At the oral proceedings the respondent agreed with the above analysis, in particular that claim 1 of the patent in suit was distinguished from the alloy in Table 2 of D5 only by the particle size of the beta Nb-phase and its uniform distribution.
2.3 The technical problem solved by these features is, inter alia, to improve the corrosion properties of the alloy (see paragraph  of the patent). It is generally desirable in the art of zirconium-based alloys for the components of the active core of nuclear reactors to be corrosion resistant (D5, page 5, first paragraph and D7, first paragraph).
2.4 D7 describes a similar Zr-Nb binary alloy and is also concerned with the corrosion resistance of this alloy (page 2, line 25). D7 states that a microstructure where the second phase beta Nb particles are homogeneously dispersed in the zirconium matrix in extremely fine particle size provides excellent corrosion resistance (page 2, lines 29 to 33). The particle size employed in D7 is finer than in the patent in suit (Table IV of D7).
2.5 Therefore, the person skilled in the art starting from the alloy of D5 would use this teaching of D7 in order to improve the corrosion characteristics of the alloy thereof. The actual mechanics of achieving fine particle size and uniform distribution would be routine for the skilled person, as admitted by the respondent.
2.6 Claim 1 does not involve an inventive step, accordingly.
2.7 The respondent argues that D5 already teaches to improve the corrosion characteristics of the alloy thereof by going down a different path, so that the person skilled in the art would have no need to study D7. This argument is not persuasive since the skilled person would use whatever methods were known, in combination, until the required degree of corrosion resistance was achieved, so long as the methods were not incompatible, which is the case here.
3. Auxiliary request
At the end of the oral proceedings, after having been informed of the decision of the Board on the question of inventive step of the granted claim 1, the representative of the respondent asked to be allowed to file a new request. The reason for doing so was that he felt surprised by the argument which formed the basis of the Board's considerations that the subject-matter of granted claim 1 lacked an inventive step.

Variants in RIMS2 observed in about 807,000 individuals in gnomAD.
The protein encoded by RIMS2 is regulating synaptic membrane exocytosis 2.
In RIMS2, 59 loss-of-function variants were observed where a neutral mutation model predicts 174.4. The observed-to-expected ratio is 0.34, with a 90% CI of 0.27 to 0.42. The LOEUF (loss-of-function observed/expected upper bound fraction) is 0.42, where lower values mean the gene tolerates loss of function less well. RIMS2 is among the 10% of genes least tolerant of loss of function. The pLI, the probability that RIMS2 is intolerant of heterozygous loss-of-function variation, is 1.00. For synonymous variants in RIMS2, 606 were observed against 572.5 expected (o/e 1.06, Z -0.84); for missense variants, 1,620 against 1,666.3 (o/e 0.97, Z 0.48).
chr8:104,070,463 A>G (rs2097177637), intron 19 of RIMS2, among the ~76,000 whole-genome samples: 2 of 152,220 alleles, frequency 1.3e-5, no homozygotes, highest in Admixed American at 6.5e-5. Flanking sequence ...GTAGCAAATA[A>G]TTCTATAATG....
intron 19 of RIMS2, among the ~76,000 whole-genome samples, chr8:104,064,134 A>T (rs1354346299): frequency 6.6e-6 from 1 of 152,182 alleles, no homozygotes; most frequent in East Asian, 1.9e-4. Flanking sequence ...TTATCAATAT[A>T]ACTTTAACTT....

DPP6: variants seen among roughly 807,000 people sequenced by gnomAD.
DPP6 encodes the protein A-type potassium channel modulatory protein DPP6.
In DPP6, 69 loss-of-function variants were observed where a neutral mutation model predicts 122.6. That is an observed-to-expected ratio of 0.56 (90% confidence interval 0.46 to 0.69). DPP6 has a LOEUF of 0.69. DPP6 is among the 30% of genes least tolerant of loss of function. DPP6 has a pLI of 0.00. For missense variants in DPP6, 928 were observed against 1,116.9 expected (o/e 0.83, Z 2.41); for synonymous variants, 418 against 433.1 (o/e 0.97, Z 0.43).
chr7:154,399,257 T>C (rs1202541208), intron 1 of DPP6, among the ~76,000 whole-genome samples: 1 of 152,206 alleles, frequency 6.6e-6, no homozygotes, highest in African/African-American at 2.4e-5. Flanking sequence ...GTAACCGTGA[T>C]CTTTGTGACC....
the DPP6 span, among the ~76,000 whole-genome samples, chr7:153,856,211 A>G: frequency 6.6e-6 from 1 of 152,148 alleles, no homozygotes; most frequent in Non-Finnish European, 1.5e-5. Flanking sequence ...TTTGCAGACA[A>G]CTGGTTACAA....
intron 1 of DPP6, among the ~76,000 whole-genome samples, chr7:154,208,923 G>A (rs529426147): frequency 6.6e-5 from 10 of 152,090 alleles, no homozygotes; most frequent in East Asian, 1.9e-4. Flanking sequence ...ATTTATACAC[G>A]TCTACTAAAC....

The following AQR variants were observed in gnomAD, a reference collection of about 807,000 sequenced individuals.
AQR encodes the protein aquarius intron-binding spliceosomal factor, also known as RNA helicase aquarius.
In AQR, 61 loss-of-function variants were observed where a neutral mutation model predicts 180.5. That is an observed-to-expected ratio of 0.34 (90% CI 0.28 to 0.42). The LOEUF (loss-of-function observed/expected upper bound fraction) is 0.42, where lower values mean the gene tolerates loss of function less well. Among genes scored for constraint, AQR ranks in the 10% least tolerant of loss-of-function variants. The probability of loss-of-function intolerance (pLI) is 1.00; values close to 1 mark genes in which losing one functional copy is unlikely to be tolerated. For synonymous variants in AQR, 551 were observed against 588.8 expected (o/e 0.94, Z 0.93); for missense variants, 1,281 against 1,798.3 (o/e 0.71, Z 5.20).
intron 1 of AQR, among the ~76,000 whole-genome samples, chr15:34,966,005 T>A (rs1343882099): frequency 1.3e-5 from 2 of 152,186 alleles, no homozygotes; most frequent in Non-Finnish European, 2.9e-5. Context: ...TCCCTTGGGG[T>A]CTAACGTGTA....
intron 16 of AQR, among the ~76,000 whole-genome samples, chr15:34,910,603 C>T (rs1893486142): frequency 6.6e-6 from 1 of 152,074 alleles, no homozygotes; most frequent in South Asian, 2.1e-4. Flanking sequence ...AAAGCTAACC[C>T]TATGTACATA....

According to Article 13(1) RPBA any amendment to a party's case after it has filed its grounds of appeal or reply may be admitted and considered at the Board's discretion. The discretion shall be exercised in view of inter alia the current state of the proceedings and the need for procedural economy. The need for procedural economy means that a balance has to be found between the right of the parties to react to developments in the proceedings on the one hand and the public interest that proceedings come to a conclusion in a reasonable period of time on the other hand.
In the present case the objection of lack of inventive step and the line of argument, based on Documents D5 and D7, were raised by the appellant before the oral proceedings (see appellant's telefax of 21 October 2008, page 10, 8th paragraph and page 11, second complete paragraph), so that the respondent should not have been surprised by this. Thus, the Board cannot see any procedural reason which could justify the filing of a new request at the end of the discussion on inventive step at the oral proceedings.
The admission of a new request would also delay the proceedings not only because a new request would have to be examined but also because the Board should then, for reasons of equal treatment, have to consider the admission into the proceedings of the late-filed Document D16, a long and complex document, which was filed by the Opponent shortly before the oral proceedings and which could become relevant due to the amendments of the request. The result could even have been that a completely new case arose and that the oral proceeding would have to be postponed.
Since there are no reasons justifying the filing of the new request, and the filing of the new request would delay the proceedings, the delay would not be in the public interest, which requires that proceedings should come to a conclusion in a reasonable period of time.
The Board therefore decided not to admit the new request.
For these reasons, it is decided that:
1. The decision under appeal is set aside.
2. The patent is revoked.